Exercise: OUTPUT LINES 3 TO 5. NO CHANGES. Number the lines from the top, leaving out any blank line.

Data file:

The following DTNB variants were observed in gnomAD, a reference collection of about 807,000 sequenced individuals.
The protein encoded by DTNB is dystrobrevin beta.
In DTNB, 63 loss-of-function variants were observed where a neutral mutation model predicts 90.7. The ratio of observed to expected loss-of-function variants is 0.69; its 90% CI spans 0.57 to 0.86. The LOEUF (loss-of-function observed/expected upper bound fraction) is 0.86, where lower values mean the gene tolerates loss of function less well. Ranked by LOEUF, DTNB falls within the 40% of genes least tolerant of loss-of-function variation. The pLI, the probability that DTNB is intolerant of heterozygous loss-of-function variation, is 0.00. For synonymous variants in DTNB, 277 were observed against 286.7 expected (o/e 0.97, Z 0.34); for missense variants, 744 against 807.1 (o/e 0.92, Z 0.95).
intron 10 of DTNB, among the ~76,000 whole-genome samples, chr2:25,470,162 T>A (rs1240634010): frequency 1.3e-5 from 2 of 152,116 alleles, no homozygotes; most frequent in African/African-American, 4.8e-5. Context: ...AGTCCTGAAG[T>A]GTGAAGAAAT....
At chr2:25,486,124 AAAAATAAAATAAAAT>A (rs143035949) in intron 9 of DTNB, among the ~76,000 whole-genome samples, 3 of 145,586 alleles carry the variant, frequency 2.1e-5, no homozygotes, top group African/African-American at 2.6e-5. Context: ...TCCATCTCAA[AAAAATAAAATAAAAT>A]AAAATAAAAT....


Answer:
In DTNB, 63 loss-of-function variants were observed where a neutral mutation model predicts 90.7. The ratio of observed to expected loss-of-function variants is 0.69; its 90% CI spans 0.57 to 0.86. The LOEUF (loss-of-function observed/expected upper bound fraction) is 0.86, where lower values mean the gene tolerates loss of function less well. Ranked by LOEUF, DTNB falls within the 40% of genes least tolerant of loss-of-function variation. The pLI, the probability that DTNB is intolerant of heterozygous loss-of-function variation, is 0.00. For synonymous variants in DTNB, 277 were observed against 286.7 expected (o/e 0.97, Z 0.34); for missense variants, 744 against 807.1 (o/e 0.92, Z 0.95).
intron 10 of DTNB, among the ~76,000 whole-genome samples, chr2:25,470,162 T>A (rs1240634010): frequency 1.3e-5 from 2 of 152,116 alleles, no homozygotes; most frequent in African/African-American, 4.8e-5. Context: ...AGTCCTGAAG[T>A]GTGAAGAAAT....
At chr2:25,486,124 AAAAATAAAATAAAAT>A (rs143035949) in intron 9 of DTNB, among the ~76,000 whole-genome samples, 3 of 145,586 alleles carry the variant, frequency 2.1e-5, no homozygotes, top group African/African-American at 2.6e-5. Context: ...TCCATCTCAA[AAAAATAAAATAAAAT>A]AAAATAAAAT....